Officials are investigating whether an unreported vehicle crash may have damaged the railroad tracks before an Amtrak train derailed in Kansas on Monday morning.
An engineer noticed a significant bend in a rail ahead and hit the
emergency brakes before the passenger train derailed, a government official told the Associated Press. The train appeared to have been traveling at about 75 miles when the engineer pulled the emergency break.
Gray County sheriff's Deputy J.G. Sharp said there was a separate vehicle accident that may have damaged the rails, and
authorities were examining tire tracks leading to the train tracks and preserving the scene with crime scene tape.
Sharp said the damage doesn't appear to have been intentional.
Amtrak said 32 people involved in the derailment were taken to hospitals for treatment and that 29 had been released by late morning.
The Southwest Chief 4 train derailed approximately 20 miles west of Dodge City shortly after midnight local time.
Amtrak said that there were 128 passengers and 14 crew members on board the train, which was en route to Chicago from Los Angeles.
The Kansas Highway Patrol confirmed that five train cars were on their side and the derailment had forced the closure of U.S. Highway 50. Amtrak said the train had two locomotives and nine cars.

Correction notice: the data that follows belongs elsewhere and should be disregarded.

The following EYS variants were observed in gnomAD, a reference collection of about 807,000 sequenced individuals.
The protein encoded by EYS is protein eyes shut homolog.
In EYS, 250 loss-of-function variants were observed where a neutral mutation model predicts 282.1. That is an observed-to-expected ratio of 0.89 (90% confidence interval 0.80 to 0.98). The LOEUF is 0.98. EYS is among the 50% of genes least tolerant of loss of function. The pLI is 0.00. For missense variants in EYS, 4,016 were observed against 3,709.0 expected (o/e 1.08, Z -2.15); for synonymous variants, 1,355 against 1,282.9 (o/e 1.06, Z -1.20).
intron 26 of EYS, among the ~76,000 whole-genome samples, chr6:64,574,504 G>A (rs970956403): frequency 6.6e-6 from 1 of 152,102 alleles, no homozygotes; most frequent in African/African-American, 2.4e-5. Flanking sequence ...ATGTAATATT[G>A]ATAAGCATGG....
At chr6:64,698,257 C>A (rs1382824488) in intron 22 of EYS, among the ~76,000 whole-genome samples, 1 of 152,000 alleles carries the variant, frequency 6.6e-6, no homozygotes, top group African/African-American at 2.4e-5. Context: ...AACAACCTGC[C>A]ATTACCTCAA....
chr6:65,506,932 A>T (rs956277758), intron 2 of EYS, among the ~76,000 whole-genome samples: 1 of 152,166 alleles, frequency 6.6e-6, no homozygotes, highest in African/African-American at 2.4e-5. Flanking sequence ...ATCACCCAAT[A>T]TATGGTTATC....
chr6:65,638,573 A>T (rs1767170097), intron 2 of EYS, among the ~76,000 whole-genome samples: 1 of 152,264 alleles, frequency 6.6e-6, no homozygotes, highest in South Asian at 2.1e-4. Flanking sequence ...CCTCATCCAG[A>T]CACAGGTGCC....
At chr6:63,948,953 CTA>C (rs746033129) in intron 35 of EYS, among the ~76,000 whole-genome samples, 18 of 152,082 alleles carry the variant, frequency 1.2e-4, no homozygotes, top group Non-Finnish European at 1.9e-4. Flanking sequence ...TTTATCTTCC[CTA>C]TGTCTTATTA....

Kelsey Wilson, 21, said she was traveling on the train to return to Truman State University in Kirksville, Missouri, when she was awoken early Monday. Wilson, of Pueblo, Colorado, said she hit her head as the car became disconnected and overturned.
Wilson said she escaped through the top of the flipped car and then slid down the side. She said she then "passed out" and was among the people listed as injured and taken to hospitals for treatment. She was released with a neck brace.
Her traveling companion, 21-year-old Daniel Aiken, of Lenexa, Kansas, said he heard people scream. He said he and Wilson calmed down when they realized the train "wasn't going to blow up."
Susan Morgan, the mother of one of the passengers, told KAKE-TV that her daughter had to be helped out of the train after it began shaking while traveling 75 miles per hour.
The Associated Press contributed to this report.